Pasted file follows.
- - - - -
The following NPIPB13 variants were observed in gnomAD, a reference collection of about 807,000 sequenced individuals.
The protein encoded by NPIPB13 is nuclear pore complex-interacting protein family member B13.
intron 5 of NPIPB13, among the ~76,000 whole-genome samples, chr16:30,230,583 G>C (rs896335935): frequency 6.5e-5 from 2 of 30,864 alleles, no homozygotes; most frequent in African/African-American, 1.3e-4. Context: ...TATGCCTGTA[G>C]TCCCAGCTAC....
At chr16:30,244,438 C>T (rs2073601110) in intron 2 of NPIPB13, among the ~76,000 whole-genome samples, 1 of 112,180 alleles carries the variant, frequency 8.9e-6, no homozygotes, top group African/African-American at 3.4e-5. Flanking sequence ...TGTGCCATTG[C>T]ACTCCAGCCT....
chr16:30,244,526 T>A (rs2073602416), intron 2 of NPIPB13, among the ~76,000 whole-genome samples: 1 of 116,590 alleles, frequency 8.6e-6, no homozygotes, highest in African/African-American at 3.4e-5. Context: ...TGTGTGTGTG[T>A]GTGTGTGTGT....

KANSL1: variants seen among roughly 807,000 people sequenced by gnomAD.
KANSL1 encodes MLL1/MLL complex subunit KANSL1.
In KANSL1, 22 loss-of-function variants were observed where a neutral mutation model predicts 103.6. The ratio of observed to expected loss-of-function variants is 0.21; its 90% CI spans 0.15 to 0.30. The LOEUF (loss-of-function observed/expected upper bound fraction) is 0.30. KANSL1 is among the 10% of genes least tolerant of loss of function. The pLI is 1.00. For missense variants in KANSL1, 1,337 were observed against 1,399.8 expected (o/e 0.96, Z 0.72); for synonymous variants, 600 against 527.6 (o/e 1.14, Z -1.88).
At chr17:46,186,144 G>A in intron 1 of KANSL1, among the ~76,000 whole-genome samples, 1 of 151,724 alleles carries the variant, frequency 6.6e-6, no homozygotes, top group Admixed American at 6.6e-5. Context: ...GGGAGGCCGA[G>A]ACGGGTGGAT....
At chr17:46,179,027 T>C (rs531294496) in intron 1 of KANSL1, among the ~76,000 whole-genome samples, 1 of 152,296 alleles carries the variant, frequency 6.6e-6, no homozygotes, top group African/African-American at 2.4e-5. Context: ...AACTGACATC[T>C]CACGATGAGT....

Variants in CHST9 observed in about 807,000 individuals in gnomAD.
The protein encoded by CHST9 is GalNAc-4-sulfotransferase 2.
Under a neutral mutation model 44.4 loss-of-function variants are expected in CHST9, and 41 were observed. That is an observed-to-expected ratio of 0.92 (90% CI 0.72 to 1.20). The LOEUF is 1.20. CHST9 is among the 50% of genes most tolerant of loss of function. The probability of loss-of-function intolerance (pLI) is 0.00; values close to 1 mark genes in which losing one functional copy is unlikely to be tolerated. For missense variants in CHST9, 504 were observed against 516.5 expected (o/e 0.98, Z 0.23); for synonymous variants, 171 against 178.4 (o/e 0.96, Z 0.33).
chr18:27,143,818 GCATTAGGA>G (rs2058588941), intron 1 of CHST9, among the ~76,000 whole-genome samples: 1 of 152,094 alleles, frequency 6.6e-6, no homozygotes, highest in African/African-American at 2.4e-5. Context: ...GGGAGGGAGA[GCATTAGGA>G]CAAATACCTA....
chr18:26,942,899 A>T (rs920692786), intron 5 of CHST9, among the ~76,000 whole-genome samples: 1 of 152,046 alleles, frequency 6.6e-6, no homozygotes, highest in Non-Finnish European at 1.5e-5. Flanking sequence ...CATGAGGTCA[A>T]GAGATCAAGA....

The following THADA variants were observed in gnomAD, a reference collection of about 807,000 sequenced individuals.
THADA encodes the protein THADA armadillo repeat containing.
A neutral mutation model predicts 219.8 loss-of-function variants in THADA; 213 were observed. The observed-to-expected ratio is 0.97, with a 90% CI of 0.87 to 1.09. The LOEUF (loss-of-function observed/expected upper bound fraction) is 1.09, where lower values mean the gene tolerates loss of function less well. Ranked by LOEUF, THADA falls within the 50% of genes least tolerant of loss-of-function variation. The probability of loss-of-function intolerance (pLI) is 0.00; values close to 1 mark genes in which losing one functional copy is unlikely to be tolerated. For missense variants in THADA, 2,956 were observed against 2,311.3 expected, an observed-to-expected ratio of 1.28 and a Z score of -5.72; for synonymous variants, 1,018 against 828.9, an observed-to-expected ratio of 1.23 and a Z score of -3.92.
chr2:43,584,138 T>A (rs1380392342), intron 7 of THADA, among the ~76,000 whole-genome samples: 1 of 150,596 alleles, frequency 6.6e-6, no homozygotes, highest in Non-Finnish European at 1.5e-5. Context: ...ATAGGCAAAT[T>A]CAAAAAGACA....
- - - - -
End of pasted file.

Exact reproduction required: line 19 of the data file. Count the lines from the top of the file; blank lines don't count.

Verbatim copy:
chr2:43,584,138 T>A (rs1380392342), intron 7 of THADA, among the ~76,000 whole-genome samples: 1 of 150,596 alleles, frequency 6.6e-6, no homozygotes, highest in Non-Finnish European at 1.5e-5. Context: ...ATAGGCAAAT[T>A]CAAAAAGACA....